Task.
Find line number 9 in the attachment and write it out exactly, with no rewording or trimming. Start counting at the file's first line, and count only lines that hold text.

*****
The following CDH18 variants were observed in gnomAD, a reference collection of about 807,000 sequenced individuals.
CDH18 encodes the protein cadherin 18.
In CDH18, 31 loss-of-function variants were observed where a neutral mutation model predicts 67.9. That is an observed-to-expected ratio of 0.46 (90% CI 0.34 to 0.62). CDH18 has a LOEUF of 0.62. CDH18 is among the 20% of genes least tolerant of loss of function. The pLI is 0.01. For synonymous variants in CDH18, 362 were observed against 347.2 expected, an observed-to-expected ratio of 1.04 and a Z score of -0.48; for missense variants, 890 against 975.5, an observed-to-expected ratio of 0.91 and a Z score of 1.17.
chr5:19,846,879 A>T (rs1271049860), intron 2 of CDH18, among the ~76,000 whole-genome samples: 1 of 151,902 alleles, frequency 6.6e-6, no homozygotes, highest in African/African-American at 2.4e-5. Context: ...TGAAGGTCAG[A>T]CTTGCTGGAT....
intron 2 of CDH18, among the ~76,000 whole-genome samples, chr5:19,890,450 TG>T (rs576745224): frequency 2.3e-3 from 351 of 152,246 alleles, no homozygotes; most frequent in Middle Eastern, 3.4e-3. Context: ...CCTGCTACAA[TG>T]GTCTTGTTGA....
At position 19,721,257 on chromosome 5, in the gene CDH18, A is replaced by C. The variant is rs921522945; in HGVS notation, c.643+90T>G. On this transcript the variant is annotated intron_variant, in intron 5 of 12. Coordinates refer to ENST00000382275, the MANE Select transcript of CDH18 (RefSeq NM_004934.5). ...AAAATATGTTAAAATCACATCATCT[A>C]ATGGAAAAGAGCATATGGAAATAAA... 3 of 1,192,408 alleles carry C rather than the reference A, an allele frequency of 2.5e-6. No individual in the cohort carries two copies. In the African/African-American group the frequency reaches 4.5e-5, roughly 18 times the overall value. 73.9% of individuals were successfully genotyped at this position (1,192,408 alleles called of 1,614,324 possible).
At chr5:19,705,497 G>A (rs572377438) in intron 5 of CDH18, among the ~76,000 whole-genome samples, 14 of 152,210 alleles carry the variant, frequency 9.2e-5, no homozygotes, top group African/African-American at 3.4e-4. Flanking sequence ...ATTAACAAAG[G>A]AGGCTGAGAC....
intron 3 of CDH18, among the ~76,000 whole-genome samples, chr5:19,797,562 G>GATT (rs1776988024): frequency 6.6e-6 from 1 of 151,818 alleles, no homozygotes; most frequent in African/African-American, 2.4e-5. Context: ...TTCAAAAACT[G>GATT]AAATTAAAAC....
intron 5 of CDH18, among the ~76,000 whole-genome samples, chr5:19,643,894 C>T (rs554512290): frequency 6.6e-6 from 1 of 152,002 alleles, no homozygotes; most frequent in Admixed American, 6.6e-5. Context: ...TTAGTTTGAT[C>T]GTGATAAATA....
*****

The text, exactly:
intron 5 of CDH18, among the ~76,000 whole-genome samples, chr5:19,643,894 C>T (rs554512290): frequency 6.6e-6 from 1 of 152,002 alleles, no homozygotes; most frequent in Admixed American, 6.6e-5. Context: ...TTAGTTTGAT[C>T]GTGATAAATA....